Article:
The Dark Light by Julia Bell - book review: Teenage horror as savage as it is suspenseful

In 245 tightly-written pages, Bell satirises evangelical religion at its most sinister while bouncing her story between two narrators

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The Independent Culture

Religious fanaticism and Gothic horror go together like a horse and carriage, and when you throw an island into the equation things can only get better. Julia Bell's third novel follows Massive and Dirty Work in being concerned with what adolescents see and adults don't.

Alex is a teenage girl with a penchant for arson. Orphaned, bullied at school as a suspected lesbian, and in constant trouble, she is sent by her aunt and uncle to live in a community on an island so remote that there is only one annual boat, and no supervision. Lippy, defiant, and angry, Alex is armed with rather more education than she lets on, but when she is confronted by a group calling itself The Chosen, whose members are awaiting the End of Times in which they alone will be Raptured up to heaven by Jesus, she knows it could be the death of her.

Not so our other narrator, Rebekah. Born into the community, her mind is almost as starved as her heart, but she loves the beauty of the island and, as we quickly realise, experiences a coup de foudre when she sees Alex. Gradually, the two girls are drawn together, and as the magnificent Alex challenges and derides every half-baked opinion that her friend has accepted without question, Rebekah's fog of ignorance lifts. "Thinking is sinking" is the mantra they keep repeating; however, the "unnatural" Alex, greeted as a prophetic sign, initially seems to be a match even for the creepily charismatic Pastor. It's like shooting fish in a barrel, except that the Chosen are kept biddable not just by guns (only possessed by men) but by bullying, coercion and worse.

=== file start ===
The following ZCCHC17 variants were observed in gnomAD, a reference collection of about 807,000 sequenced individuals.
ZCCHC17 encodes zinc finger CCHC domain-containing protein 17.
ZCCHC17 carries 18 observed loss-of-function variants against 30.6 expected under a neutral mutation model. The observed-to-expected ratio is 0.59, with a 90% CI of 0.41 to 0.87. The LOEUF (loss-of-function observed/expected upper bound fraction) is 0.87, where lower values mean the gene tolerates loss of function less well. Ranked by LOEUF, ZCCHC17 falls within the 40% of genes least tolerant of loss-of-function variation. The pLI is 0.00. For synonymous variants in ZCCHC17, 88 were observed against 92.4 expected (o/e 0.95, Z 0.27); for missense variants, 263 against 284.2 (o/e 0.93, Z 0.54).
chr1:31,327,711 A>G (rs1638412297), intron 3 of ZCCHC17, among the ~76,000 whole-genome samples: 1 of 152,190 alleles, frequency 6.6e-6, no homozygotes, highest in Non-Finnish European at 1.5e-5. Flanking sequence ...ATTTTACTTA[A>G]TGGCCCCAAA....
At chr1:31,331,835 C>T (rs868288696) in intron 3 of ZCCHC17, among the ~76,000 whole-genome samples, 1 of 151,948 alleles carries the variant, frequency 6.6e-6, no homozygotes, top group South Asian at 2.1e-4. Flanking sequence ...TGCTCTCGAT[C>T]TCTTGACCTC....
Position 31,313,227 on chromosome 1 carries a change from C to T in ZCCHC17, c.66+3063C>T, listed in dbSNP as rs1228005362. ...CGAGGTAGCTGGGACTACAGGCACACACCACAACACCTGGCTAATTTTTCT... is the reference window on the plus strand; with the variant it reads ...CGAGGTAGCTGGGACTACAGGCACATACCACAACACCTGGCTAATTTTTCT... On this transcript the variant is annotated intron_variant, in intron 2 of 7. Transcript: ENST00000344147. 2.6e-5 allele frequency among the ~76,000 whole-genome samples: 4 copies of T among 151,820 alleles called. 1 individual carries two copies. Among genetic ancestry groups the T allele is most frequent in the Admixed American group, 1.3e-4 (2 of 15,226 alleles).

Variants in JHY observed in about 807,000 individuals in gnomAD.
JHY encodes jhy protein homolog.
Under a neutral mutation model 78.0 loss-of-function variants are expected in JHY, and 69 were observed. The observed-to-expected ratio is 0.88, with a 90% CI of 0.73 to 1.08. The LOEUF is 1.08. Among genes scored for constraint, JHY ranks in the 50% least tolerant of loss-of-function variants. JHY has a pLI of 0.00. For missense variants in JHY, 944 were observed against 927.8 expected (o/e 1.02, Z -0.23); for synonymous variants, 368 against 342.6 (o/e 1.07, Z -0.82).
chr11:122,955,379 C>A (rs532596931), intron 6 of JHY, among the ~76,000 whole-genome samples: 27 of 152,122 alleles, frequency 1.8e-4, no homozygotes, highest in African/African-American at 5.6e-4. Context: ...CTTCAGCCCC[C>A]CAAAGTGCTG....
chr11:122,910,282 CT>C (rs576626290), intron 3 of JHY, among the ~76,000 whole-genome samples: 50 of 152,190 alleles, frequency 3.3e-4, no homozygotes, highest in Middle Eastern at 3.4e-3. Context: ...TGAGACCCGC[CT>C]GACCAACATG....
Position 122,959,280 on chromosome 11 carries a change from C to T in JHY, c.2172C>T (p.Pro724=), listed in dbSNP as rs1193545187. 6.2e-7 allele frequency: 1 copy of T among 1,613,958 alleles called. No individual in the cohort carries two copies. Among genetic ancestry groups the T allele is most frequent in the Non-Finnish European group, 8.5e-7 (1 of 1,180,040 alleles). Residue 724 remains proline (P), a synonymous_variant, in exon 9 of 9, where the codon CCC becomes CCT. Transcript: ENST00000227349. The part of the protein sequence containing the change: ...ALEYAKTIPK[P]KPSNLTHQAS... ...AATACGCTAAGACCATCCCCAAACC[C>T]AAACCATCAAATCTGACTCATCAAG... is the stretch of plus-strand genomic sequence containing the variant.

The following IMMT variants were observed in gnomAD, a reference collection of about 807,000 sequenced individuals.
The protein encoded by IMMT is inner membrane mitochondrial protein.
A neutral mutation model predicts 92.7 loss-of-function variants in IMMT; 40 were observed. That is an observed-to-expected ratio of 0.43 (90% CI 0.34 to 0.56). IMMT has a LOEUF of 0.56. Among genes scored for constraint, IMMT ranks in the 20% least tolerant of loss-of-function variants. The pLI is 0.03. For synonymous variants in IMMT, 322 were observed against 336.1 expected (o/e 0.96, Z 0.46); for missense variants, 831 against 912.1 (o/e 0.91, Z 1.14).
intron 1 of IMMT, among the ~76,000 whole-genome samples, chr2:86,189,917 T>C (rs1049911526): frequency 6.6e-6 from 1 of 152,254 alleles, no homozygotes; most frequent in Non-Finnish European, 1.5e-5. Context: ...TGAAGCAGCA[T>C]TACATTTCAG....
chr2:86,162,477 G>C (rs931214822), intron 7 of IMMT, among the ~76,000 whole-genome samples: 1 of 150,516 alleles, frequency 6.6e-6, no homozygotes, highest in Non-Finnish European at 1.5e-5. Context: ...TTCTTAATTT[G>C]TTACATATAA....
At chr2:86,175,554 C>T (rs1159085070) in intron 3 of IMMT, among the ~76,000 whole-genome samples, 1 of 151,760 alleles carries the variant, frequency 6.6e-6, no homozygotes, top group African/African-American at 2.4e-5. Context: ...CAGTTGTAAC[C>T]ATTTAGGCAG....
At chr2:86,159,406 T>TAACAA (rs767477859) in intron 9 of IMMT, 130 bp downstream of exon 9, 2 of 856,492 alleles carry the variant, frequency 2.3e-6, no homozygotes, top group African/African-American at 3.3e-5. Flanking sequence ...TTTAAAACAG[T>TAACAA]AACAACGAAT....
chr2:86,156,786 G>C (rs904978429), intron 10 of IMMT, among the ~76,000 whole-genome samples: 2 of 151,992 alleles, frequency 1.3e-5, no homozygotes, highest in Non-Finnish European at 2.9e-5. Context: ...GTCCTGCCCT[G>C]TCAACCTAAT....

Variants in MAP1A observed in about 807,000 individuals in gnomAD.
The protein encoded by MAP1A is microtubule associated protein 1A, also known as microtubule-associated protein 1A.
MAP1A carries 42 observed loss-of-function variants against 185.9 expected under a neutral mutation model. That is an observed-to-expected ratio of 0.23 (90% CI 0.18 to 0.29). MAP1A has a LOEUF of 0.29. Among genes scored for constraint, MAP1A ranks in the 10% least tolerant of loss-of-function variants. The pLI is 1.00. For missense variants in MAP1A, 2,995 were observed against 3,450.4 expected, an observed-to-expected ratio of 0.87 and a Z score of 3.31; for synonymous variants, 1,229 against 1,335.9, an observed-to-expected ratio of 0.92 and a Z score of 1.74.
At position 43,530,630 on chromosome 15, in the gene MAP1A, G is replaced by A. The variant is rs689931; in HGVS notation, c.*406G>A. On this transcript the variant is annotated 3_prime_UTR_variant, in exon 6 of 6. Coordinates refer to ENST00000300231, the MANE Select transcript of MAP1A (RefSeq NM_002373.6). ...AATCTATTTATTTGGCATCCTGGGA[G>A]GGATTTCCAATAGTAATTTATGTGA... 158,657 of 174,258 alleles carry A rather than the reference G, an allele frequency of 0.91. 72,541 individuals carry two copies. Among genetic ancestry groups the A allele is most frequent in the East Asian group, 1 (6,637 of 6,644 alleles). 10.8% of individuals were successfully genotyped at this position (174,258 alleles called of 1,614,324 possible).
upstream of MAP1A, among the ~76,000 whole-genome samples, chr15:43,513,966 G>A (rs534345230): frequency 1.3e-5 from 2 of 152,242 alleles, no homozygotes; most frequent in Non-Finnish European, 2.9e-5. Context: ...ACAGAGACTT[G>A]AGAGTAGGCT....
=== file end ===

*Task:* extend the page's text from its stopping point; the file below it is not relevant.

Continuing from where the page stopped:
The humour is as black as the lightless nights, and the horror mounts the more we get to grasp the girls' predicament. How can Alex raise the alarm? How can the few sane people left survive the Pastor's bloody preparations for impending Rapture? In 245 tightly-written pages, Bell satirises evangelical religion at its most sinister while bouncing her story between two narrators who change their perspective, but who never lose sight of the practical detail of a life described in its discomfort, privation, delusion and psychological cruelty.

Island, Aldous Huxley's sequel to Brave New World, depicted a joyous Utopia. This is its antithesis: a blend of Oranges Are Not the Only Fruit and The Wicker Man that is as savage as it is suspenseful. It will entertain resentful teenagers holidaying with their families and their exhausted parents in equally mordant measure.

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